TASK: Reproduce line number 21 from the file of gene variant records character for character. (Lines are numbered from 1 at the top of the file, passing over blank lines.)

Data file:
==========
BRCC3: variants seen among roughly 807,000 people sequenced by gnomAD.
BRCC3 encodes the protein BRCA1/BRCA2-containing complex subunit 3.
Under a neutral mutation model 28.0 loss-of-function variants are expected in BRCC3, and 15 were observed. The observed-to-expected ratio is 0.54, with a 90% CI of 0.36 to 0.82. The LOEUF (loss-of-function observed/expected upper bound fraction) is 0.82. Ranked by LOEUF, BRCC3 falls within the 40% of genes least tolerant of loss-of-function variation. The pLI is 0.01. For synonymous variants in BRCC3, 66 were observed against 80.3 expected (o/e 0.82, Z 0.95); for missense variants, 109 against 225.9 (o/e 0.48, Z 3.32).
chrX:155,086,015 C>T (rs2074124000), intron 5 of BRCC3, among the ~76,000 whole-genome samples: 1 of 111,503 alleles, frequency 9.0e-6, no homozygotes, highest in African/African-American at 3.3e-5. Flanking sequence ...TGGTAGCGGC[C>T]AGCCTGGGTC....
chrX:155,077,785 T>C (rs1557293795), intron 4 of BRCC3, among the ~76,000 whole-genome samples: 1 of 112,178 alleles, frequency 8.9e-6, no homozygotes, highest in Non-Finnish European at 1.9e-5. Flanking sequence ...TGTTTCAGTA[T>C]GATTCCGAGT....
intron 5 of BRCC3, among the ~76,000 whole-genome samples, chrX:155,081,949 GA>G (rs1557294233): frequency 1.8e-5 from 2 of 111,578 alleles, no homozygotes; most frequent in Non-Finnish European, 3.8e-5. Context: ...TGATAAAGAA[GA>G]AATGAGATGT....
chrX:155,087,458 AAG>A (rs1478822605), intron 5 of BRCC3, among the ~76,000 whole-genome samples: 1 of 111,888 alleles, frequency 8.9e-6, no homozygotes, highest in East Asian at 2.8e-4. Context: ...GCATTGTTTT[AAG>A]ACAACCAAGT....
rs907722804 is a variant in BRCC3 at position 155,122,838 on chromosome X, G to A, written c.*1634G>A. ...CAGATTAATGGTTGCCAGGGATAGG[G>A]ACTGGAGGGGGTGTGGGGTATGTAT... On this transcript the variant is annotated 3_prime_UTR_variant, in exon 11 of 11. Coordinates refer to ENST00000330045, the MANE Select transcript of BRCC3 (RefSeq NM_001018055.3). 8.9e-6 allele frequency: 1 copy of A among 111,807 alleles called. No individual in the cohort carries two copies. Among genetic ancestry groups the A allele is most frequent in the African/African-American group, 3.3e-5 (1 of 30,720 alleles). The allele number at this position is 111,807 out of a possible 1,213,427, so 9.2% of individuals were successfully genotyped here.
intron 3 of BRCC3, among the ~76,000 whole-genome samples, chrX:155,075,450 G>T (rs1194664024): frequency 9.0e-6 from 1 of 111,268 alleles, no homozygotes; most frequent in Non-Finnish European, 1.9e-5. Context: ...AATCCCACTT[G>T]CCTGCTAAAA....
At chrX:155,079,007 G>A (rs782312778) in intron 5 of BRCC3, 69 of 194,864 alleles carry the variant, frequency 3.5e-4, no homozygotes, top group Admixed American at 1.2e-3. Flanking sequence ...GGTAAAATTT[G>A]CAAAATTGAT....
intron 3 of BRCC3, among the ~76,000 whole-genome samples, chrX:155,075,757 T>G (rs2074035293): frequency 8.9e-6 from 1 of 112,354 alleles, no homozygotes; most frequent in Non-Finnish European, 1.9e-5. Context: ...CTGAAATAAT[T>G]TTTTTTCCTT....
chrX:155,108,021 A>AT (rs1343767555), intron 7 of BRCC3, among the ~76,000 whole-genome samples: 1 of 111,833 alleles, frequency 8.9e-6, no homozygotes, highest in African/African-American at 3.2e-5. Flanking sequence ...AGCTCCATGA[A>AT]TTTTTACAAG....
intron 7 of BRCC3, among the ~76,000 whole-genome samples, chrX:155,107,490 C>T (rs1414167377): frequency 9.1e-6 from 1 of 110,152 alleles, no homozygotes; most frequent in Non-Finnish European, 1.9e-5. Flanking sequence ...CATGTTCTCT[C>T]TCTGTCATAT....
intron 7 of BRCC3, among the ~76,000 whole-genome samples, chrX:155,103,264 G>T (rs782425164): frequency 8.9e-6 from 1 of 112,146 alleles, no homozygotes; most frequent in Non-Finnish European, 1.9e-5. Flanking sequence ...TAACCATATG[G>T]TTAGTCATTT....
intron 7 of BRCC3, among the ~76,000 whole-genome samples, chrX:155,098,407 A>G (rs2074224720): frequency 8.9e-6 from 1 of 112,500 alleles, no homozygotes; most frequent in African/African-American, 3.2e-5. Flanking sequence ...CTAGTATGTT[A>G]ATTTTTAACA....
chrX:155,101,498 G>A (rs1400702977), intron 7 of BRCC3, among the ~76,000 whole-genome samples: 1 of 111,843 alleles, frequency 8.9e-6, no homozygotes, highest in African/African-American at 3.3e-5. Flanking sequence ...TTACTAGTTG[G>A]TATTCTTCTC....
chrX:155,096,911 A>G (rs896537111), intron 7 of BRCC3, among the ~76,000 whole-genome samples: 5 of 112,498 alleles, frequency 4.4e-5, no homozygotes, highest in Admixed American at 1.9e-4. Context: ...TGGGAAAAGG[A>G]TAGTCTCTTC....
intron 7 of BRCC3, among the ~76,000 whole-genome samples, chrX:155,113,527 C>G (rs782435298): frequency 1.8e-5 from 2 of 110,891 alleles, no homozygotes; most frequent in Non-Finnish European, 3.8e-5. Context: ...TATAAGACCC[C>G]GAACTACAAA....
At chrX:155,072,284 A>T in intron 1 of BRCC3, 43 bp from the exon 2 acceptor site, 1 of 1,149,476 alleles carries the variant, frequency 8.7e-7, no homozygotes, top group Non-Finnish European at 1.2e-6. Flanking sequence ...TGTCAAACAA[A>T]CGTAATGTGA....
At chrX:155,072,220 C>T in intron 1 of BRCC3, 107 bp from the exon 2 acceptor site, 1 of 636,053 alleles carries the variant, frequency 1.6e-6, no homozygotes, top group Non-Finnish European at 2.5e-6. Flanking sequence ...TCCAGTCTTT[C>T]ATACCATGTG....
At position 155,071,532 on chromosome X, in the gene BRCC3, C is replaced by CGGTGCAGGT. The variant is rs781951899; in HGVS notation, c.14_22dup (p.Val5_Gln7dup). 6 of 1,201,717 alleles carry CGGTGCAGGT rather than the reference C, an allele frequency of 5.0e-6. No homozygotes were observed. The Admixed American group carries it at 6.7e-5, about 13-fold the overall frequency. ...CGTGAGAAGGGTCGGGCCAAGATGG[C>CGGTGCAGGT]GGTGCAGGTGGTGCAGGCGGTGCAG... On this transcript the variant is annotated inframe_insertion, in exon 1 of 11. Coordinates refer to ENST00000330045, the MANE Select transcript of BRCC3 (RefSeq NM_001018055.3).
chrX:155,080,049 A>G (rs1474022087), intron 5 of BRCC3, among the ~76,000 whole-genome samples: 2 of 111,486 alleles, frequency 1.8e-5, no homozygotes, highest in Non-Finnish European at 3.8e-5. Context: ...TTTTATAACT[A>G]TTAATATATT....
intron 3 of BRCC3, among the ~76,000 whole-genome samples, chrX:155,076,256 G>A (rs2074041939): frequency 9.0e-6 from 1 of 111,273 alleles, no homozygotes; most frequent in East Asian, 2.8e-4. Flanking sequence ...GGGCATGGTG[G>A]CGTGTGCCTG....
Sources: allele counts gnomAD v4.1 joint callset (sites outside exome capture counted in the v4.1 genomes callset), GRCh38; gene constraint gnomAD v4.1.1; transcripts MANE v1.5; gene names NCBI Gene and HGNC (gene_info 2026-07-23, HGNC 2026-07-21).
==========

At position 155,071,532 on chromosome X, in the gene BRCC3, C is replaced by CGGTGCAGGT. The variant is rs781951899; in HGVS notation, c.14_22dup (p.Val5_Gln7dup). 6 of 1,201,717 alleles carry CGGTGCAGGT rather than the reference C, an allele frequency of 5.0e-6. No homozygotes were observed. The Admixed American group carries it at 6.7e-5, about 13-fold the overall frequency. ...CGTGAGAAGGGTCGGGCCAAGATGG[C>CGGTGCAGGT]GGTGCAGGTGGTGCAGGCGGTGCAG... On this transcript the variant is annotated inframe_insertion, in exon 1 of 11. Coordinates refer to ENST00000330045, the MANE Select transcript of BRCC3 (RefSeq NM_001018055.3).